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    Understanding Affinity Propagation Clustering And Implementation with Python

    One of the most used clustering methods, affinity propagation, is clearly explained together with the implementation with Python

    Photo by Luca on Unsplash

    Affinity propagation is one of data science’s most widely used clustering methods. It neither has assumptions for the cluster shape nor requires the number of clusters as input. Another advantage of affinity propagation is that it doesn’t rely on any luck of the initial cluster centroid selection.

    In this post, I will go through the details of understanding and using affinity propagation in Python.

    The main idea of affinity propagation

    Let’s think about how most people behave in society.

    At first, you don’t know anyone, so you are the representative of yourself. Then, after you know more people, and after some communications, you find some people share similar values with you, some are very hard to get along with. So, you tend to have more interactions with those who are similar to you and avoid hanging out with those who are “weird” in your eyes. With the increase of rounds of communications, you finally find your “group” and there’s a candidate in your mind who can perfectly represent your group.

    Actually, what I have described is exactly the basic idea of affinity propagation.

    The algorithm uses the “communications” between data points to find “exemplars” for each data point. And the data points that share the same “exemplars” are assigned to the same cluster (group).

    Even though the algorithm idea is simple, there’re still some confusing parts in the description above. You may have already noticed that the biggest missing part is how those “communications” are performed.

    Let’s use the same example as above. The “communications” are actually the messages sent between you and your group representative candidates in mind. If you find Michael a great candidate exemplar of you, you may text him, “Michael, I think you should be the person to represent me.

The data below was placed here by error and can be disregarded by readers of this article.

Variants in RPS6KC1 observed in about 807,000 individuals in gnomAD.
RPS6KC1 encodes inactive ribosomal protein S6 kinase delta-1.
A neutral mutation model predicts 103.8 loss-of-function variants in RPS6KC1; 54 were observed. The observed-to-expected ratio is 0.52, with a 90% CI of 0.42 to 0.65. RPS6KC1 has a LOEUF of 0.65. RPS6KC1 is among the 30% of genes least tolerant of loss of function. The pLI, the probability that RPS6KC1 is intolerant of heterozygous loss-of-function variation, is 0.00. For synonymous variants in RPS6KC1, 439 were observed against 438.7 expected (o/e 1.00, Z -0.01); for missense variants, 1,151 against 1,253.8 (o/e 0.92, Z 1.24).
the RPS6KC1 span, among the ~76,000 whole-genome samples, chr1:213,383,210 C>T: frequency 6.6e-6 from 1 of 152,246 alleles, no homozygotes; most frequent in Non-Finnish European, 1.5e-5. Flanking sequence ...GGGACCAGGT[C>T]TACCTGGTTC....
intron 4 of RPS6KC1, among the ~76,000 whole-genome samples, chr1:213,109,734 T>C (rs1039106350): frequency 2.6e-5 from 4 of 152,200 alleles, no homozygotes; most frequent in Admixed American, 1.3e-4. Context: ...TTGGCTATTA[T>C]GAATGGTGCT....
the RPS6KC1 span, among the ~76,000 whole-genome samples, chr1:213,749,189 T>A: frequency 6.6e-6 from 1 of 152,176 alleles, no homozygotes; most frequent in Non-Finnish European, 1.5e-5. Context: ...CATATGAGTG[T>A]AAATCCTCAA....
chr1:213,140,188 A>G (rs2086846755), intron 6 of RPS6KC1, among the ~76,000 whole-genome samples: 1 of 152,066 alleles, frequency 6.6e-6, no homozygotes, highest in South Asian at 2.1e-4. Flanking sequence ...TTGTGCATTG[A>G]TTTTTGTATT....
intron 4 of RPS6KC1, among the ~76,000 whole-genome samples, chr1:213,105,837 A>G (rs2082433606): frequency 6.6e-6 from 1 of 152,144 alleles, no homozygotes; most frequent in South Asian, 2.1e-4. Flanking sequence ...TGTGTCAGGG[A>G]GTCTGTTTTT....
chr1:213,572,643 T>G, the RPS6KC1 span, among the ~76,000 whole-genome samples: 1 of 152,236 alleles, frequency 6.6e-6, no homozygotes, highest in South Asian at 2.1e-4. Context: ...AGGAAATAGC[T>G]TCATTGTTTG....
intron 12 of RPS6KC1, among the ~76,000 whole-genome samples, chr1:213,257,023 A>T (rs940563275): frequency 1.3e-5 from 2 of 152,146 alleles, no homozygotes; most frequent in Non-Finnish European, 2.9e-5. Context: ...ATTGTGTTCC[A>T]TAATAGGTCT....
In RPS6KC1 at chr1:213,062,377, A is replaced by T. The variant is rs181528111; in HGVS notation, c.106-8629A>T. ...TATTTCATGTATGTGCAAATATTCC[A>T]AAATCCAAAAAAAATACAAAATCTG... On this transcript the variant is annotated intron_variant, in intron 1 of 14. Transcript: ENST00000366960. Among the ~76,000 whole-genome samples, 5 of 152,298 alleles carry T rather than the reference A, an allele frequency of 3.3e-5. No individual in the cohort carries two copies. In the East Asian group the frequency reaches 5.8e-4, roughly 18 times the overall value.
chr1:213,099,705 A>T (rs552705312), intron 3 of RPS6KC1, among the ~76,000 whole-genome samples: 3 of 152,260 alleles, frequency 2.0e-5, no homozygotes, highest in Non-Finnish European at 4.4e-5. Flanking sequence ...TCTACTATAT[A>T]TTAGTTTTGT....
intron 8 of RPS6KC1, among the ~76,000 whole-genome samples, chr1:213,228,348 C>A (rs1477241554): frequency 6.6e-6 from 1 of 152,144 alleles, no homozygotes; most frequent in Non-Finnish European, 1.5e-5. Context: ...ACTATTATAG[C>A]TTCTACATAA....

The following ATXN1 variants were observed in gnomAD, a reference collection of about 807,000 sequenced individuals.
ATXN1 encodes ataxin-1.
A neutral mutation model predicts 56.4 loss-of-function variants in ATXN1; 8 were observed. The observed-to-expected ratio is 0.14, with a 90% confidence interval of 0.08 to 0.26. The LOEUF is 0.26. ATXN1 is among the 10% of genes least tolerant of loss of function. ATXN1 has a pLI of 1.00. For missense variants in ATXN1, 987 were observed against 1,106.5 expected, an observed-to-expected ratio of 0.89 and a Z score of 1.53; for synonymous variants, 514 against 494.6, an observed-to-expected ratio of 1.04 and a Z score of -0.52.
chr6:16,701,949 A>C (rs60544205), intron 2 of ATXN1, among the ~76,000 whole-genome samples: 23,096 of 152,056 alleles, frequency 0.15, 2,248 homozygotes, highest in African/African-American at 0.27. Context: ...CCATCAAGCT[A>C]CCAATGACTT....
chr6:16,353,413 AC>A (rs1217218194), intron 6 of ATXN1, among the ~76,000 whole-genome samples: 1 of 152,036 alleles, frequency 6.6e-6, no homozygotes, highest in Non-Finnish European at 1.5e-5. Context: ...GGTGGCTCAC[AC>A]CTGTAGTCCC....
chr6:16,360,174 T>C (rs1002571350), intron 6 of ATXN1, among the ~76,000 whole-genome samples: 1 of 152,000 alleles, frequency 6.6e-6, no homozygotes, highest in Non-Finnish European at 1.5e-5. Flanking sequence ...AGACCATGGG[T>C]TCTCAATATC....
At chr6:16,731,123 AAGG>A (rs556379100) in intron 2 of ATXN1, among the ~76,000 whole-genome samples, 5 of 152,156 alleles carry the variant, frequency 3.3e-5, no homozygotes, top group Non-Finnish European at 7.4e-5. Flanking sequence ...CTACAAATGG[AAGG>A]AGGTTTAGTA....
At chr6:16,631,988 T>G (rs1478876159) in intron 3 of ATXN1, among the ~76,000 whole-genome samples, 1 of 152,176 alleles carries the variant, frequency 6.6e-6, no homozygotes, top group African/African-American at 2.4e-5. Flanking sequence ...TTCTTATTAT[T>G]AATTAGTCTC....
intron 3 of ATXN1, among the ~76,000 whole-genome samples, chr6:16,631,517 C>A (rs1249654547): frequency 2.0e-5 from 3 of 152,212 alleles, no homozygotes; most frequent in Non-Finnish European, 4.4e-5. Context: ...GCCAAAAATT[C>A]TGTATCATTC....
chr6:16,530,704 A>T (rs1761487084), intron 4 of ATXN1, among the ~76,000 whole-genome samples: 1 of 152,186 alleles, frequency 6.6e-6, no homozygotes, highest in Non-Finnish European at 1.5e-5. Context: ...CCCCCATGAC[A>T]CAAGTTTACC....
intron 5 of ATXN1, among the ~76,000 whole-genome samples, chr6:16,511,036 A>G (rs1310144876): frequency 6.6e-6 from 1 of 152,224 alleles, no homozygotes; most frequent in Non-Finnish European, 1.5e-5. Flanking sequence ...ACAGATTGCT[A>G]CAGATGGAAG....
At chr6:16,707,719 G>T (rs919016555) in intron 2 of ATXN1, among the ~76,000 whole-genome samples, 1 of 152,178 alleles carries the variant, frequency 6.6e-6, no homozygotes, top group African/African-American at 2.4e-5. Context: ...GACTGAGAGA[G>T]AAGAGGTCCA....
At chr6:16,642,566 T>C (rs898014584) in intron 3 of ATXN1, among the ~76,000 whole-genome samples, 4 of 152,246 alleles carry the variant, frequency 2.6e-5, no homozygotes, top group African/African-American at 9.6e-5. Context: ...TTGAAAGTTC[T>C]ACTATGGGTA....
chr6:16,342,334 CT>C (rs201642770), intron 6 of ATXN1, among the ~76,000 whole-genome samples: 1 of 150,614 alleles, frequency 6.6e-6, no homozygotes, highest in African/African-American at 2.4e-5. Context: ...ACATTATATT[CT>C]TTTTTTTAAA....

Then, maybe Michael will reply, “I appreciate that. And I am happy to do that!

    or, Michael will reply, “Thank you for trusting me. However, I don’t have the bandwidth to present you considering all the other people who have the same requests. Sorry.

    And then, based on how Michael replies, you will adjust the ranking of the representative candidates in your mind and send out messages again to them. After that, Michael will receive messages from all people (including you) again about how eager they what Michael to be their representative. And then he will adjust from there …

    The procedure I described is exactly the iterations in affinity propagation. The message you sent to Michael is called “responsibility” in the algorithm, which shows how well-suited Michael is to serve as the exemplar for you, taking into account other potential exemplars for you.

    And the message Michael sent back is called “availability”, which reflects how appropriate it would be for you to choose Michael as your exemplar, taking into account the support from other people that Michael should be an exemplar.

    So, when should the communications stop? It is when there are NO big changes in the exemplars and the group of people who they represent for.

    The algorithm

    There are several matrices we need to understand before diving into the algorithm.

    The first one is the similarity matrix, S, which is a collection of similarities between data points, where the similarity s(i,k) indicates how similar the data point k is to data point i.

    Intuitively, the larger the similarity value is, the smaller the distance between the two data points are from each other. So, conventionally, the negative Euclidean distance is used to define the similarity. Here, s(i,k), the similarity between point i and point k, is

    s(i,k) = −||xi − xk||²

    To note, the diagnal values of the similarity matrix, s(k,k), have specific meaning and usage in affinity propagation instead of being simply assigned as zeros. The design is that data points with larger values of s(k,k) are more likely to be chosen as exemplars.

    Imagine that all the s(k,k) values are super large. It means that every point is for sure to be the exemplar for itself, where every data point is its own cluster; however, if all the values of s(k,k) are super small, then all the data points couldn’t be an exemplar for itself, where all the data points belong to the same large cluster.